The George Webster Family
|George Webster, Sr. |
George Webster was an immigrant farmer who brought his family from Scotland to Vernon. He arrived in America in 1866 at age 33 and his family followed in 1869. He and his family farmed in Vernon for three generations. Thanks to their stewardship of the land Vernon today enjoys two of the Tankerhoosen Valley's most iconic parks.
George Webster (1833-1905) was born in 1795 in Cuper, Fife, Scotland, on the east coast north of Edinburgh. There he married Jane Paterson (1828-1896) about 1859 and they had four children: Jane/Jennie (1860-1927), Mary (1863-1943), Ann (1864-1887) and George, Jr. (1866-1943).
|Jane Alexander Webster. |
About 1869 George brought his family to America settling in Vernon where in 1879 he bought a 10 acre farm on West Road in Rockville, just south of the railroad. He was 46 living with his wife Jane and their 4 children: Jane/Jennie 20, Mary 19, Ann 15 and George, Jr. 13. He was a ‘market gardener' growing fruits and vegetables to sell in Rockville and probably Hartford. The two older girls were employed in the mills as woolen weavers. Jane/Jennie and Ann never married and remained at the family home while Mary became the wife of George Wood.
George was successful as in 1886, at age 52, he and his only son George, Jr. bought the 87-acre Maro Hammond farm at the corner of Bolton Road and Bamforth Road. From Colonial times the Hammond's, and their Thrall neighbors on Bolton Road, owned large fertile farms in the Tankerhoosen River Valley stretching from Reservoir Road to today's Clark farm on Valley Falls Road and south beyond today's Rail Trail. The 87 acres Webster bought extended to Valley Falls Road on the south, north on Bamforth Road beyond the cemetery and included the property and river behind the Thrall house.
Their youngest daughter Ann died a year later in 1887 at age 23. The first of the family to be buried in Elmwood Cemetery.
The Vernon Grange was organized in 1886 and in 1887 they built a model of the Tolland County Fair at Hyde Park. The model was designed by George Webster. The Webster family was very active in the Grange and in addition to the Vernon Congregational Church this would have been both their social circle and connection to the local farming community.
George's farming skills, passion and pride are evidenced by his entries and success in the annual Tolland County Fair. For example, in 1894 The Rockville Journal notes that George had 51 vegetable exhibits and 11 varieties of grapes. In 1895 he was awarded first prize for the best collection of vegetables having 90 varieties. And In 1903 George, Jr. took several firsts for his grapes, apples and pears; and his wife Margaret received first for her canned fruit.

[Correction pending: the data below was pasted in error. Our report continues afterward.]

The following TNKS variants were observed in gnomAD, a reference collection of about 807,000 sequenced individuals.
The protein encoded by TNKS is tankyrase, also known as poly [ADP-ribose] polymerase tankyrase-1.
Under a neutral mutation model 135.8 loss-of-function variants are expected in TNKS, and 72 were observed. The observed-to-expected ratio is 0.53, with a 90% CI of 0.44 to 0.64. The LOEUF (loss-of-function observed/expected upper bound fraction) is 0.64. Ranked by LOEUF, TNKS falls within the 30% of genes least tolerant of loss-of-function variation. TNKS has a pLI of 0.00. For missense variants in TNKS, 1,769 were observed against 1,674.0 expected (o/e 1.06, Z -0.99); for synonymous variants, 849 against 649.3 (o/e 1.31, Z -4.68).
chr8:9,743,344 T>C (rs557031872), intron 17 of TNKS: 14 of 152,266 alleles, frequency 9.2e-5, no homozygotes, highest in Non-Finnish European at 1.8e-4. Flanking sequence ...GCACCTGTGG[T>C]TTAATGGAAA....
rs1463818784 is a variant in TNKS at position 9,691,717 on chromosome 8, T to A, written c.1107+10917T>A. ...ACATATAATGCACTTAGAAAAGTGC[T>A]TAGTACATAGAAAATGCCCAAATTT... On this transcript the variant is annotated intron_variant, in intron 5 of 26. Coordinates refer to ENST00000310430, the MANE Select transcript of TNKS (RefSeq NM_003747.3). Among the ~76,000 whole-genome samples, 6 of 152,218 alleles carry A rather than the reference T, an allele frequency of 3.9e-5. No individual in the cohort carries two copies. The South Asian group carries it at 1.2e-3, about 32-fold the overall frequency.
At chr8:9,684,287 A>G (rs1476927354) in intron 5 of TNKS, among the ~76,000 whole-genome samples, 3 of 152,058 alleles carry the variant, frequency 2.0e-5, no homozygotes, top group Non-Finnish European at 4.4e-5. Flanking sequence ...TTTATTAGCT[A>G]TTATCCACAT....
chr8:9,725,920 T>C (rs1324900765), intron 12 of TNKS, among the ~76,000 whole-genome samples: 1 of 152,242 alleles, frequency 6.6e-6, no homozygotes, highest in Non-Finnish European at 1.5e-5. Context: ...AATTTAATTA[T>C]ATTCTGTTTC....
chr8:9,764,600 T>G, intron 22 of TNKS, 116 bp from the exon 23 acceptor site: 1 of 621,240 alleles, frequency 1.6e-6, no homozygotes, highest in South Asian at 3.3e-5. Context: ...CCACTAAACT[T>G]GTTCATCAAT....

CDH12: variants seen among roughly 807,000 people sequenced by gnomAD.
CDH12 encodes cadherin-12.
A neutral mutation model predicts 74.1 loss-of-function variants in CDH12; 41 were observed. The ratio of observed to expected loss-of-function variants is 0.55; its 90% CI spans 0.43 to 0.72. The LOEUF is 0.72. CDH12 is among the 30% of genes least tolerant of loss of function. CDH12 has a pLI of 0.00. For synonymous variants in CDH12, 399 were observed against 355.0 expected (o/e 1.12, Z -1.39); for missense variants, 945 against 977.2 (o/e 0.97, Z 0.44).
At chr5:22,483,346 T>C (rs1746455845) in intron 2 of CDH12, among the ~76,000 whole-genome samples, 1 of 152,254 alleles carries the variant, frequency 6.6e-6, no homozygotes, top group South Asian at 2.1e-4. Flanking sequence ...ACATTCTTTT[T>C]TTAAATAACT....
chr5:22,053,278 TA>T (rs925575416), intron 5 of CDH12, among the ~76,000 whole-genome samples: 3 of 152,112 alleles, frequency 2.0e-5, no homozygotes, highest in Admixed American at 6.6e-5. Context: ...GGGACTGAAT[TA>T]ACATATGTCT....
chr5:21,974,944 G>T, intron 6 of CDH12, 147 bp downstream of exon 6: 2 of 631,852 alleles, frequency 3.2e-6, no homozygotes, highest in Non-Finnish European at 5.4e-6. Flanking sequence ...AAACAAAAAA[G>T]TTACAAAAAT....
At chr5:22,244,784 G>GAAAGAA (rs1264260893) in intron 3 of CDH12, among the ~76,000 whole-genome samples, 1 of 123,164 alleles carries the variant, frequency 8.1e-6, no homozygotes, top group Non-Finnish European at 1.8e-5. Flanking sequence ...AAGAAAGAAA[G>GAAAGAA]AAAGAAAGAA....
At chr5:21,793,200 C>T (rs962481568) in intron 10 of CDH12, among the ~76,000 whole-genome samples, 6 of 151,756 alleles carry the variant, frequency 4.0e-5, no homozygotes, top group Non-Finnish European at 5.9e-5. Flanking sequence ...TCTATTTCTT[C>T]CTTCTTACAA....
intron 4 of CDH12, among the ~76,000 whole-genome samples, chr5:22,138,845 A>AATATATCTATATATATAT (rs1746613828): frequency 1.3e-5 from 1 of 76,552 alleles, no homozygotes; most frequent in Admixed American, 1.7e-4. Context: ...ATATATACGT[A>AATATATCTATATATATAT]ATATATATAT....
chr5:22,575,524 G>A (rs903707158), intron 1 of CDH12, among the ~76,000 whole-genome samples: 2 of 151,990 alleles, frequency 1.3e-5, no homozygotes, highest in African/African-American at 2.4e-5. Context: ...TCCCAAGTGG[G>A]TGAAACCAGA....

|George Webster & family about 1900.
||The Webster house today.|
In 1896, George's wife Jane Paterson died at age 68 and was buried in Elmwood Cemetery with their daughter Ann. In the 1900 census two hired men and a hired girl were living with them. We don't know if their quarters were in the barn or if there was a tenant house at one time.
After his wife died and as he was aging George decided to pass the farm and house to his only son George, Jr. In the 1901 deed is this clause, "The Grantee of this deed shall provide me a comfortable support and maintenance in health and sickness and furnish medical attendance and medicine when necessary."
It was common prior to nursing homes for families to care for elderly or sick parents. George, Sr. died several years later in 1905 at age 72 and was buried with his wife and daughter where the first two generations of the family were buried together with a series of eight headstones that show their relationships.
|The 8 graves of George Webster's family. |
George Webster, Jr. (1866-1943)
George, Jr. immigrated to America in 1872 and was naturalized in 1880. He grew up on his father's farm and, as in most farm families, became a farmer and succeeded his father.
He married Margaret McElwain (1869-1924) about 1892 and they had four children - Edith in 1893, who married Luther Skinner, Andrew Kenneth in 1895, George Paterson in 1898, and Jean Doris in 1905, who married John Schweitzer.
|1934 aerial photo of Webster farm.|
Note the amount of open fields.
Click to enlarge.
When he inherited the farm in 1901 the deed defined three parcels of land:
1- The 87-acre property purchased from Maro Hammond.
2- Four acres along Valley Falls Road, probably including the vernal pool.
3- The ‘wood lot' of 26 acres above Valley Falls.
Also left to him was the livestock, farm tools and his father's shares in The Vernon Creamery.
George, Jr. also took pride in his work and was involved in the Grange and community. As a testament to his skills and reputation when the Beach's were building their big house on Bolton Road they hired George, Jr. in 1916 to ‘take charge of their place' as noted in a Hartford Courant article. He was their first gardener and may have laid out the Beach's vegetable and flower gardens. The Darico family succeeded him as Beach's caretakers.
In February 1917, as the United State prepared to enter the war in Europe George and his two sons registered for the draft. Their registration provides the following descriptions:
George, Jr. was 49, 5' 10", 170 pounds and had a hearing disability.
Andrew Kenneth was 21, 5' 10" and 155 pounds.
George Patterson was 18, 5' 10" and 150 pounds.
George's oldest son Andrew Kenneth entered the Army and served in France. His younger son George Patterson stayed home to help with the farm. In a twist of fate Andrew Kenneth returned home safely in 1919, but George Paterson was lost to the Spanish Flu in December of 1918.
In the 1920 census Andrew Kenneth, 24, and his sister Jean Doris, 15 were living at home with their parents. There was also a 55 year old hired man from Ireland.
George, Jr. lost his wife Margaret a few years later in 1924. She was 55. In 1926 George married Blanche Templeton, who was also widowed in 1924 from her husband William Templeton. William worked in the Rockville mills.